Leave Me Alone, I'm Reading: Losing and Finding Myself in Books by Maureen Corrigan
Where to start? Well, even though I should probably start by discussing the book, Corrigan made one comment that I feel ties perfectly into my previous discussion of The Pillars of the Earth and my short note about Oprah. While discussing a certain style of memoirs, Corrigan states that despite their flaws, they are "infinitely preferable to [her] than the victimhood that's displayed in so many autobiographies today, or the widespread sense of entitlement our culture fosters" (170). I feel like this sums up so well what I was trying to say about a certain part (though not all) of the novels and books that make up Oprah's Book Club. It just seems like quite a few of them are about that "poor, victimized" woman (or man, but woman is more common). I think they also celebrate uplift and community, but there is still that initial idea of victimization. There is a book by Eva Illouz that discusses the Oprah culture called Oprah Winfrey and the Glamour of Misery - I think the title pretty much says everything.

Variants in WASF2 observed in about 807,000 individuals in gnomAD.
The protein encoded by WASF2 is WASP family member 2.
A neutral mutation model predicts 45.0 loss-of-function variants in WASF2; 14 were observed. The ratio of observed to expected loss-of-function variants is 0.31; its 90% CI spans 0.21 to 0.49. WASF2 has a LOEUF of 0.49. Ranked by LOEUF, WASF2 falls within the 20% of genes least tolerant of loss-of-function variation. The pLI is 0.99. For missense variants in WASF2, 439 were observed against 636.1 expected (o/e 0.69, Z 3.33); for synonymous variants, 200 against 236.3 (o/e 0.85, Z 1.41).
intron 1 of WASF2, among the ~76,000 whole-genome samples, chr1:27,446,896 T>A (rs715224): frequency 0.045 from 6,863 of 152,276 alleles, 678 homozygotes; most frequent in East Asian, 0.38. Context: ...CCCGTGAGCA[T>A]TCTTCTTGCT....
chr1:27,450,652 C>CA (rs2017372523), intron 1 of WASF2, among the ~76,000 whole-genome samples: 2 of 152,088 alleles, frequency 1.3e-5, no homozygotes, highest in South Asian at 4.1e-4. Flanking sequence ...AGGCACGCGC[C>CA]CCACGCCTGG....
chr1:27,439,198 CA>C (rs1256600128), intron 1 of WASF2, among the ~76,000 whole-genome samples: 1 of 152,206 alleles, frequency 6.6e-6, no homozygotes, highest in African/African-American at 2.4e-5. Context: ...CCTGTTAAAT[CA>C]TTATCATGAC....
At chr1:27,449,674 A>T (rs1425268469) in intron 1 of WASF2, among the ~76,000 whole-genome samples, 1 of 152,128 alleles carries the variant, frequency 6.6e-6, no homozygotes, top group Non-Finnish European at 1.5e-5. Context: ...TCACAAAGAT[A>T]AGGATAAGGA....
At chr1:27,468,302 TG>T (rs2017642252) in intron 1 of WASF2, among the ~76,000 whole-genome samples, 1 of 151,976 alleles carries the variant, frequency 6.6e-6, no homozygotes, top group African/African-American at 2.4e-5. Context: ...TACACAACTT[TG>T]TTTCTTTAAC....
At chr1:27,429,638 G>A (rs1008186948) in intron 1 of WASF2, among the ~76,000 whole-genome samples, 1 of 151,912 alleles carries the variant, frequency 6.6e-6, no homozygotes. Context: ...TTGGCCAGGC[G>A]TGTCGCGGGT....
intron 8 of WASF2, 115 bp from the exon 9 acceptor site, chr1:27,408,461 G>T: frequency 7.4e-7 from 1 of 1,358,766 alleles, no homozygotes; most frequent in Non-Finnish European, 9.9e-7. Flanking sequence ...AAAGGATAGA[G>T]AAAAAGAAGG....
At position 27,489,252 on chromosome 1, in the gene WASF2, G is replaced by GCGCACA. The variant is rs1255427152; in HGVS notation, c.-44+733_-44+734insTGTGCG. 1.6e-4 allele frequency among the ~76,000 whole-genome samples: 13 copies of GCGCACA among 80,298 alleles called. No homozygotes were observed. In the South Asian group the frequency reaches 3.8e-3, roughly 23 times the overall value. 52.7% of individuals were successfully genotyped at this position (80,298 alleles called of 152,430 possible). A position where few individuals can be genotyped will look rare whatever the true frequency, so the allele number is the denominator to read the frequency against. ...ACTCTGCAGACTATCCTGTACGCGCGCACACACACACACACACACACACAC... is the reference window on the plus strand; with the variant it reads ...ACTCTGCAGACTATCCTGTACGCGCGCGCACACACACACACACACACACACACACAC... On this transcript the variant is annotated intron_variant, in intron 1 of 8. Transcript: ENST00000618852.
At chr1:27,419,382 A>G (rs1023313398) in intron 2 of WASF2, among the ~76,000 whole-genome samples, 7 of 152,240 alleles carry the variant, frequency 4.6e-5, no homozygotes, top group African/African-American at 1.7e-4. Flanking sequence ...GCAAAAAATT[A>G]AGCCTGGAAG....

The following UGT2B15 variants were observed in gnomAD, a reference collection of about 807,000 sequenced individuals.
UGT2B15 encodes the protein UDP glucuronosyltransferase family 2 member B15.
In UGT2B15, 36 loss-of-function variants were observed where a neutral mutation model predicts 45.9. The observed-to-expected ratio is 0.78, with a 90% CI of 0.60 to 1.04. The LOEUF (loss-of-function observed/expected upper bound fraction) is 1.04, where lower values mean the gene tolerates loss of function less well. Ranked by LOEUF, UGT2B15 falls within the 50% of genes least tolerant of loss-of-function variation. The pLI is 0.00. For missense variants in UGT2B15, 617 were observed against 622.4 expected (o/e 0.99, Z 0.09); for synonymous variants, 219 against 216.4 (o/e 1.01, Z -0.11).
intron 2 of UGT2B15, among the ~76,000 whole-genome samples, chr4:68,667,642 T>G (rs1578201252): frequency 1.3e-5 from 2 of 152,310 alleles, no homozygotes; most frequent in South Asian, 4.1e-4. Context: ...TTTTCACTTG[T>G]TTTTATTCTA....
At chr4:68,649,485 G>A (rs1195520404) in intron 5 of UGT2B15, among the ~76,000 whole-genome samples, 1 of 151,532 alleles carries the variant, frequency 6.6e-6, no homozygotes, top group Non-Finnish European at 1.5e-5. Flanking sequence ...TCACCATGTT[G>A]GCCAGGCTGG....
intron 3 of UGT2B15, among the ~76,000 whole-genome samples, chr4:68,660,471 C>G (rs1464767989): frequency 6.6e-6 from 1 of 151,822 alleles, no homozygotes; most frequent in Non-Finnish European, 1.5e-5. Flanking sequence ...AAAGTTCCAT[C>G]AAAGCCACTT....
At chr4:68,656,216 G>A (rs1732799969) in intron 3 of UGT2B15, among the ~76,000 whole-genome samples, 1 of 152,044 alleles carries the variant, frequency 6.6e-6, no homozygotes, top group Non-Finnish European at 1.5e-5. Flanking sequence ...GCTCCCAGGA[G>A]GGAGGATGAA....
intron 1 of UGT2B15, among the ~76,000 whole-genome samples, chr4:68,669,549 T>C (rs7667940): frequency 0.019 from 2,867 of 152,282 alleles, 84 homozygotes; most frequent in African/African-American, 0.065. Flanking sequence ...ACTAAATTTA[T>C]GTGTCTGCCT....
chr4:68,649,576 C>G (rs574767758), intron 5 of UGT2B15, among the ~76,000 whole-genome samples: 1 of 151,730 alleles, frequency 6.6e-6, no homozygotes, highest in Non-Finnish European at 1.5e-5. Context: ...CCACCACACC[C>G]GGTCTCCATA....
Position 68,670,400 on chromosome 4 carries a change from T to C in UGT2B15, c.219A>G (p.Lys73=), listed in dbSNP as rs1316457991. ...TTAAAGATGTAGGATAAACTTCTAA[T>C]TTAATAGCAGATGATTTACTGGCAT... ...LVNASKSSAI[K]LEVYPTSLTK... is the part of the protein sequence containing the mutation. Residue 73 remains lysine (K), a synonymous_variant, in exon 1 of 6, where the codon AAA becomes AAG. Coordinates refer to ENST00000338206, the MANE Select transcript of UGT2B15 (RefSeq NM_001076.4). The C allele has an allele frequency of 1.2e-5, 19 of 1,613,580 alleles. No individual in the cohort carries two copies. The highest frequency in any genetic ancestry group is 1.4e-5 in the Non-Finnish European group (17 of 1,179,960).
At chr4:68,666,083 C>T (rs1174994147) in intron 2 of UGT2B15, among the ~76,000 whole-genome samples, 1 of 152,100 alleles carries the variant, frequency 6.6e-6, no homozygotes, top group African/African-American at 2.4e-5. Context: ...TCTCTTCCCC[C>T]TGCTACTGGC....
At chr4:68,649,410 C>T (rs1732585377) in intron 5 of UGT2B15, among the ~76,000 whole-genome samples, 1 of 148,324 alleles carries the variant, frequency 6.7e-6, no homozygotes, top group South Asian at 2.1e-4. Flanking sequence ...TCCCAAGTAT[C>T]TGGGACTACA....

I have to admit, the title alone got me (discussing Leave Me Alone, I'm Reading Now, although Oprah Winfrey and the Glamour of Misery is also catchy). Described as a memoir in books, the book is definitely heavy on the book and light on the memoir part. Not to say that she doesn't share anecdotes of her life, or give a basic outline, but her focus is much more on talking about how books affected her life and her relationships than her life. She draws similarities between her life, her friends' lives and books but not in a minute way - rather she focuses on the larger themes that prevail in both, for example the idea of waiting which occurs a lot in women's lives and novels, especially before the second women's movement. She discusses her love of detective novels while writing about work, stating that these are some of the few novels to actually be about work itself.
Reading this basically felt like having a discussion about books with a friend. She closes the book with a list of her favorites. While I doubt I'll look into any of the detective novels, some of the others look interesting. I also saw a few that I'd read and liked quite a bit on her list. As far as the detective novels are concerned, I'm not looking down on them (as she says, they're often seen as beach reading); rather I have my own genres that I read despite the occasional thought that maybe they aren't quite as intellectual or literary as what I should be reading - my genres tend to be historical fiction with a random fantasy novel or even piece of chick lit thrown in.